Why Charles Plosser calls for simplicity in financial regulation (Part 1 of 9)
Charles Plosser’s speech
Dr. Charles Plosser, President and Chief Executive Officer of the Federal Reserve Bank of Philadelphia, spoke at a joint conference held at the Philadelphia Fed on April 8, 2014. The topic for discussion was “Enhancing Prudential Standards in Financial Regulations,” which was co-hosted by the Federal Reserve Bank of Philadelphia, Wharton Financial Institutions Center, and the Journal of Financial Services Research.
Plosser spoke on “Simplicity, Transparency, and Market Discipline in Regulatory Reform,” providing a high-level perspective on financial regulations and financial stability. In his speech, Plosser advocated for simpler regulations for financial services firms along with greater transparency with regard to the risks undertaken by individual firms. He also spoke about the requirement for a new bankruptcy mechanism for all firms, whether systemically important or not, which would incentivize both market participants and creditors to monitor risk-taking by financial institutions.
About noted hawk Charles Plosser
Charles Plosser has been the President and Chief Executive Officer of the Federal Reserve Bank of Philadelphia since August 2006. He has been a vocal critic of the Fed’s monetary stimulus program and would like to see the end of monthly asset purchases (at $55 billion per month currently) as soon as possible. Plosser is part of the Federal Open Market Committee (or FOMC) and he’ll vote on policy this year.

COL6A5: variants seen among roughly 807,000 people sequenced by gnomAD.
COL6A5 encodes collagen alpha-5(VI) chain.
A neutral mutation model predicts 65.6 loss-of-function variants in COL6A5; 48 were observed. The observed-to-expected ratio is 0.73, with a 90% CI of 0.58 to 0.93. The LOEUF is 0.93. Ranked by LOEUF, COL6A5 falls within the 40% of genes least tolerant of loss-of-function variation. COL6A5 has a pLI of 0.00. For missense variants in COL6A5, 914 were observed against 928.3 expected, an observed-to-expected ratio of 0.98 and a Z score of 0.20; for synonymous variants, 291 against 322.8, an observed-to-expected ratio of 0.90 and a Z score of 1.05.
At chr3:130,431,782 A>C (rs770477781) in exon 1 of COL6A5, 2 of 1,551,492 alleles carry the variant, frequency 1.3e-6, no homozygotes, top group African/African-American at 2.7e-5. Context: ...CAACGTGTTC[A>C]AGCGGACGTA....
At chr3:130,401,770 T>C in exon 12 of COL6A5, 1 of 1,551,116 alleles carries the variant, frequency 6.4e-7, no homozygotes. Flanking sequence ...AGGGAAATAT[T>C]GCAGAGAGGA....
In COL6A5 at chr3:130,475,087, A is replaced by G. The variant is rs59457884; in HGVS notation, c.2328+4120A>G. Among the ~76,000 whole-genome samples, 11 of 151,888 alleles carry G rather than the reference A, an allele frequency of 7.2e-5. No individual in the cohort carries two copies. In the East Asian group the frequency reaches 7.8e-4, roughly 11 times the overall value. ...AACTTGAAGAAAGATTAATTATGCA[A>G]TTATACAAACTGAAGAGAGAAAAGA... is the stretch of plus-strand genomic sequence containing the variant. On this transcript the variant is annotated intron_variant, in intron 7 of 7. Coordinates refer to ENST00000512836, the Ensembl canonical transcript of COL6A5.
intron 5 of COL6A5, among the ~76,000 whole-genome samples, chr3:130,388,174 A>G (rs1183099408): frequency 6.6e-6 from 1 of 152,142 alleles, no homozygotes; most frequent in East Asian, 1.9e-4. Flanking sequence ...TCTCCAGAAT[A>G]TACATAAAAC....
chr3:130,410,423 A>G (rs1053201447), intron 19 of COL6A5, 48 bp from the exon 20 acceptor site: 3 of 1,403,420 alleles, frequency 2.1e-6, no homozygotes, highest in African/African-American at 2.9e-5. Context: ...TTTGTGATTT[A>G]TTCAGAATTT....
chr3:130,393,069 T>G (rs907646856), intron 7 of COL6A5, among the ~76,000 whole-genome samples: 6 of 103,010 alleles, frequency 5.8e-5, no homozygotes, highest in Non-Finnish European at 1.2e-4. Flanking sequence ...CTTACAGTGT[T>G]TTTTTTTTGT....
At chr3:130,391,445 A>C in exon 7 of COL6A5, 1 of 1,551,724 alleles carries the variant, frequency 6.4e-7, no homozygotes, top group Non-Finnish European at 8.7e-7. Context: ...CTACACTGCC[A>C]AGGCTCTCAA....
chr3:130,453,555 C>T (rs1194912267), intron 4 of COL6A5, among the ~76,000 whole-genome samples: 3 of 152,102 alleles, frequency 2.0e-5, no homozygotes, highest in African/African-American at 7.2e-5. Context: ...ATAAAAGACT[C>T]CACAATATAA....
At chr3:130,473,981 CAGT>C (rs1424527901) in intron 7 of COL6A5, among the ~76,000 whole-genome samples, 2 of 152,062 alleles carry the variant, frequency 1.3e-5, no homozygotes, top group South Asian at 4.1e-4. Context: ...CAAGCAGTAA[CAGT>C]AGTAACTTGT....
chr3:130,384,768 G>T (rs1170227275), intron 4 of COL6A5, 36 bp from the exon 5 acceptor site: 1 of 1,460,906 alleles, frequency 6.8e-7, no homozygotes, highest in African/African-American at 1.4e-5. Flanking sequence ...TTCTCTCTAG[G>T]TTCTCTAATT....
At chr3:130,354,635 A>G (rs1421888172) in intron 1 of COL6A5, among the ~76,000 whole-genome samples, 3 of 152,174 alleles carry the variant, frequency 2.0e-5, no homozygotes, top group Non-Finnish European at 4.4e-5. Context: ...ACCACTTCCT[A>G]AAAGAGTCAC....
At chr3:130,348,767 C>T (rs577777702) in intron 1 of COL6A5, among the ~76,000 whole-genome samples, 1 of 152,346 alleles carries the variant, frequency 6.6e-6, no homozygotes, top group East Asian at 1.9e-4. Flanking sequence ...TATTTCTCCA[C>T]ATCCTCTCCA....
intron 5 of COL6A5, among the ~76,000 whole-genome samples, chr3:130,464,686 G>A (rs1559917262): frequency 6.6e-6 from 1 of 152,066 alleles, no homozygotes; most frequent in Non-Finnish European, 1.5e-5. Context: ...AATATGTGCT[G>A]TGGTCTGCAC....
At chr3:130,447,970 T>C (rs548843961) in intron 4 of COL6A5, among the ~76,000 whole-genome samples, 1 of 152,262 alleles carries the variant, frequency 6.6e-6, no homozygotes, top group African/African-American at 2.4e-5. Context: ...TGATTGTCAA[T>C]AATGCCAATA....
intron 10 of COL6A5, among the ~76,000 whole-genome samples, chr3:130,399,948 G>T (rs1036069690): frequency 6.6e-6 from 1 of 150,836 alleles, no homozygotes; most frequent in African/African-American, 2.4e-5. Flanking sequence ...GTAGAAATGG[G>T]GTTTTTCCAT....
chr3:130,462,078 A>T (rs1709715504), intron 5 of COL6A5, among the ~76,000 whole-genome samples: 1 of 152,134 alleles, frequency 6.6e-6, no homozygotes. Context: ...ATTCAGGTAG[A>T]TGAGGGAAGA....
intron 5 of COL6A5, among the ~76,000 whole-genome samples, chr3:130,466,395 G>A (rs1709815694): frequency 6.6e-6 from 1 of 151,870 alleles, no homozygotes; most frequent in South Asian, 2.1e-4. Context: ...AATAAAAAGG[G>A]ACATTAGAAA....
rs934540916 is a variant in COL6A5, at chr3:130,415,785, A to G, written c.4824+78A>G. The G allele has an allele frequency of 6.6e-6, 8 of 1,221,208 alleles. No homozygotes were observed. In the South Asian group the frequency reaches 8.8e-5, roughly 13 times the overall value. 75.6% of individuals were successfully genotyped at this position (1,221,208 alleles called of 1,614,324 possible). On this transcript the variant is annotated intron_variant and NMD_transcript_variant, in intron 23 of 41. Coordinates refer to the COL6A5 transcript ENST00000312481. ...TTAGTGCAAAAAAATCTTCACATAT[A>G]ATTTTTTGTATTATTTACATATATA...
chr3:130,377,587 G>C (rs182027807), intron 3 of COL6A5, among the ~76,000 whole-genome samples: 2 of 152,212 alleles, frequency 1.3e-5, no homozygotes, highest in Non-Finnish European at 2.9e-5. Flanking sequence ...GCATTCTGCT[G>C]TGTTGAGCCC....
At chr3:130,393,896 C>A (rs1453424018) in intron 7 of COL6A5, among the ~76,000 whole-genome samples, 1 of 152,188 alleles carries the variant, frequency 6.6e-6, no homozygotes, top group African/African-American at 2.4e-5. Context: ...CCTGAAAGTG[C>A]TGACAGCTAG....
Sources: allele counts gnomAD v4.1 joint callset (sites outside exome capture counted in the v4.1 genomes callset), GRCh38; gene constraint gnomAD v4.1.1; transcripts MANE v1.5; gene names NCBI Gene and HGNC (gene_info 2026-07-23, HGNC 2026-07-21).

After the fallout of the 2008 financial crisis, Plosser advocated for the need to preserve the U.S. Federal Reserve’s independence by drawing a distinction between fiscal and monetary policies. He’s also a keen proponent of reform that will end the notion of “too big to fail,” as he believes this notion may lead to the next financial crisis.
Some of the largest financial institutions in the U.S. include the Wells Fargo Company (WFC), Goldman Sachs (GS), and Bank of America Corp. (BAC). The Vanguard Financials ETF (VFH), which has positions in small, medium, and large cap companies in the financials sectors, has investments in all three institutions: Wells Fargo Company (WFC), at 6.64%, Goldman Sachs (GS), at 2.05%, and Bank of America Corp. (BAC), at 5.04%. All three financial institutions are also included in the S&P 100 Index (OEF). The iShares S&P 100 ETF (OEF) tracks the S&P 100 Index.
To read about Plosser’s views on the role of financial intermediaries and the risks that could arise from intermediation, please read on to Part 2.
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